The Judgment of the World by the Cross (Part 1)

All mankind will be saved through the judgment of the world by Jesus Christ. By the end of this two-part paper you will understand God's judgments on a much deeper level than the church is teaching about today. You will know all about salvation, Christ's parables, the lake of fire, the great white throne of judgment, and what they all have to do the ultimate restoration of all mankind - not according to conjecture or speculation - but by the scripture alone. You might encounter scriptures you have never seen before, because the churches are not teaching them, and that's why many Christians (some smugly and others humbly) believe the salvation of the world is unthinkable.

I am here to tell you that God has provided - throughout the whole council of scripture - everything we need to know to understand the symbols of Revelation and the parables etc, so we don't have to speculate, but let God define the terms for us. He lays his own mysteries bare in his own scripture. We just need to take the time to look. Maybe by the end of this paper, you will see that it is Orthodox Christianity that has historically laid assumptions upon the parables and Revelation.

We have all been taught that only a select few Christians will be saved, and the rest of the world, billions, even trillions, will be consigned to a most horrifying punishment in literal fire, without redemption. But, the Bible teaches otherwise. God tells us what the symbols mean, and the churches have either willfully ignored the scriptures, or not noticed them. The Bible demonstrates that God's judgments are good for mankind and that they result in his good purpose. Yes, the Bible says so unambiguously, as you will witness.

Being a Christian comes with some unique struggles. For many people with a sincere love for the Lord, and for their own enemies as required by Jesus, it can be torturous to be a Christian. Anyone who loves a person should be deeply troubled by the thought of eternal torment, not for a moment but constantly. Some Christians may no mind to that. As long as they are well fed by their own churches, feeling good, and getting their own spiritual buzz on Sundays. Meanwhile the torture of God's enemies commences below the soles of their feet, and they stay happy, shed no tears, give no thought. Some care, but force it out of their minds and learn to live with the weight of it.

Others aren't so blessed. They weep, sometimes every night. Their hearts yearn for the hemorrhaging to stop. They worry about people, because the Bible tells them to love people. They worry about their family members who have passed away, and about even the average person on the street. Secretly, they beseech God to have mercy upon the world. But they live without hope, and the church says it's impossible.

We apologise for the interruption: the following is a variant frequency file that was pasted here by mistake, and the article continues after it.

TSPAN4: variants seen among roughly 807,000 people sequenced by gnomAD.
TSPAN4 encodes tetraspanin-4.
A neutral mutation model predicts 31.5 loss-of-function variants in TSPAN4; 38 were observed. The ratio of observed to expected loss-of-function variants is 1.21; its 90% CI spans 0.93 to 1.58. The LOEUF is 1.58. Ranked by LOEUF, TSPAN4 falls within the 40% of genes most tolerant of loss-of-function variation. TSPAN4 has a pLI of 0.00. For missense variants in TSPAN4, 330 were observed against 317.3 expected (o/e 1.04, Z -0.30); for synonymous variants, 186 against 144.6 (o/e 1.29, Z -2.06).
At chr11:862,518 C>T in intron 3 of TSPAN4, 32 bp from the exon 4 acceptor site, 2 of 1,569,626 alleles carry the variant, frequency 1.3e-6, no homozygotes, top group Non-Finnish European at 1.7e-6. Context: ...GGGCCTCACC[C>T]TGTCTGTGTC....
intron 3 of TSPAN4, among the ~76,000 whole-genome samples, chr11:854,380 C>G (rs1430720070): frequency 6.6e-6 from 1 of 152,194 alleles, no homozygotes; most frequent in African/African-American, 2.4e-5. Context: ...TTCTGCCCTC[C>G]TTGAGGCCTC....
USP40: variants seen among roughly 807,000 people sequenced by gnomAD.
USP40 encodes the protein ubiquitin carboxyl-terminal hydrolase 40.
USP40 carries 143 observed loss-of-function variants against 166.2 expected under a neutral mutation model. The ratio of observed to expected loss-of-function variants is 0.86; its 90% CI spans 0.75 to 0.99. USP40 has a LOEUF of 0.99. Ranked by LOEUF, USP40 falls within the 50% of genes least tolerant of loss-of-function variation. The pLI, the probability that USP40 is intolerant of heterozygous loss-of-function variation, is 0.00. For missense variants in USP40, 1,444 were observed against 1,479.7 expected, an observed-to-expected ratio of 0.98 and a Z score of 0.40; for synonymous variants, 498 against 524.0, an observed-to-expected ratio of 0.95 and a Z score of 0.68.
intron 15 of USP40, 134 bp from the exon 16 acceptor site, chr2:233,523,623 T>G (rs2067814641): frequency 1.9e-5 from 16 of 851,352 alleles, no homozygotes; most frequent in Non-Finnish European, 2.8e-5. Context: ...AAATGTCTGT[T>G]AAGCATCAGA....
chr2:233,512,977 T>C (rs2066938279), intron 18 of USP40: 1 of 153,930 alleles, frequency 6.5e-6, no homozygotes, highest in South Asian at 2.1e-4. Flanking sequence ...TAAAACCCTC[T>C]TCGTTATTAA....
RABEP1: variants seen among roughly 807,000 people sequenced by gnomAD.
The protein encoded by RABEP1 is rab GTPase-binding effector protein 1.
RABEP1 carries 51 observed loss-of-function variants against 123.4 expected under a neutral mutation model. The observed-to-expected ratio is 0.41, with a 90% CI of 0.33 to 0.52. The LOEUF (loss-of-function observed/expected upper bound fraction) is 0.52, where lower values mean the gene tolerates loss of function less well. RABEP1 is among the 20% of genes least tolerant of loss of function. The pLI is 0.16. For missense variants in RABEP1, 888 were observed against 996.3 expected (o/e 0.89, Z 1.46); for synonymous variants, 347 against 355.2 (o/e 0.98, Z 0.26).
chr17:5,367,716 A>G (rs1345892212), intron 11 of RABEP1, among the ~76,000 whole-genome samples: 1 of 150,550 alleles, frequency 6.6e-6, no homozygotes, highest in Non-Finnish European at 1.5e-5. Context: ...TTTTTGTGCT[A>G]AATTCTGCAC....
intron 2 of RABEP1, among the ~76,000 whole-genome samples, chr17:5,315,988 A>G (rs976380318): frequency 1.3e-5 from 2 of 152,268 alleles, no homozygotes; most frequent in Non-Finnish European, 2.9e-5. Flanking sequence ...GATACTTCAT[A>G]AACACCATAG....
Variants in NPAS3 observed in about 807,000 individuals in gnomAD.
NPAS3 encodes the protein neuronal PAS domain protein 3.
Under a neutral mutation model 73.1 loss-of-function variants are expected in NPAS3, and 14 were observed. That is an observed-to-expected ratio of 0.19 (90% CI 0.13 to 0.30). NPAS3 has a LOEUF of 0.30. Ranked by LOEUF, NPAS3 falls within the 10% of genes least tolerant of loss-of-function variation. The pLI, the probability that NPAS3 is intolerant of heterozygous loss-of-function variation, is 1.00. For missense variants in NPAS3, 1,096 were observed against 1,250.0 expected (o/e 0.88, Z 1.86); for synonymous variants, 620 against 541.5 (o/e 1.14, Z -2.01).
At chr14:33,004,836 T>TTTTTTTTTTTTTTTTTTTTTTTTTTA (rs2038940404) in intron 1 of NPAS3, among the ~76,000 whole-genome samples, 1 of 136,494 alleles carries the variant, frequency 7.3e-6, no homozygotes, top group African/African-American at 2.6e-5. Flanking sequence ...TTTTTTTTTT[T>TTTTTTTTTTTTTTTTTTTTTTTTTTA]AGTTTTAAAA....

What a heavy sacrifice Jesus' death was, an innocent man beaten, bloodied, mocked, hated, and ultimately murdered in cold blood. All for what? For love, because he loved you and me, and this whole world of careless sinners. What does it all mean? What does it count for? Let's find out.

In Part One, we will study these things:

  • The Biblical meaning and purpose of salvation in the Gospel
  • What it really means to be "saved by grace though faith"
  • WhyJesus says his own crucifixion is the judgment of the world
  • Why Peter says that the time has come for judgment to begin with God's house.
  • Why God judges people, and what judgment is meant to produce according to the Bible.

Then, in Part 2, we will see from scripture how the judgment of the world will be realized for the rest of the world including God's wrath, Christ's parables, the Great White Throne, the Lake of Fire, and the final restoration of all things. We're going to get into some of the deep things of God in this two part paper.

Cute Theories

How could the church be so wrong about salvation for all these years, objectors ask. Surely, it's not possible for a large group of people to believe wrongly for so long. Really? What about Rome and Israel? Didn't they come together as a large group to sanction the murder of Christ, an innocent man?

This is not only a basic logical fallacy called "Argumentum ad Populem" or "appeal to the masses," it also disregards Biblical history. According to God, the Israelites were frequently misguided, and certainly, when they put their Messiah to death, as prophesied in their scriptures, they demonstrated how easily mob mentality can result in error. Mass opinion counts for nothing. The argument you will witness today is from scripture, casting aside all other appeals.

The typical Christian rationale for eternal hell is that God must separate himself from sinners, unless they repent. So, right away, they have him in a corner, as though he has no choices. Biblically, we know that God can bring anyone to repentance if he so desires. More than a few times, he has done this very thing, in fact all through the Bible. Jesus Christ supernaturally intervened on Apostle Paul's behalf when he was on his way to persecute more Christians. There, we see a Lord in calm and complete control over Paul's repentance (Acts 9 1:19).

Christians have many allegories to rationalize eternal torment in literal fire from a loving God, but they must inevitably reduce the argument to two alternatives:

Jesus cannot save all people, or Jesus will not save all people.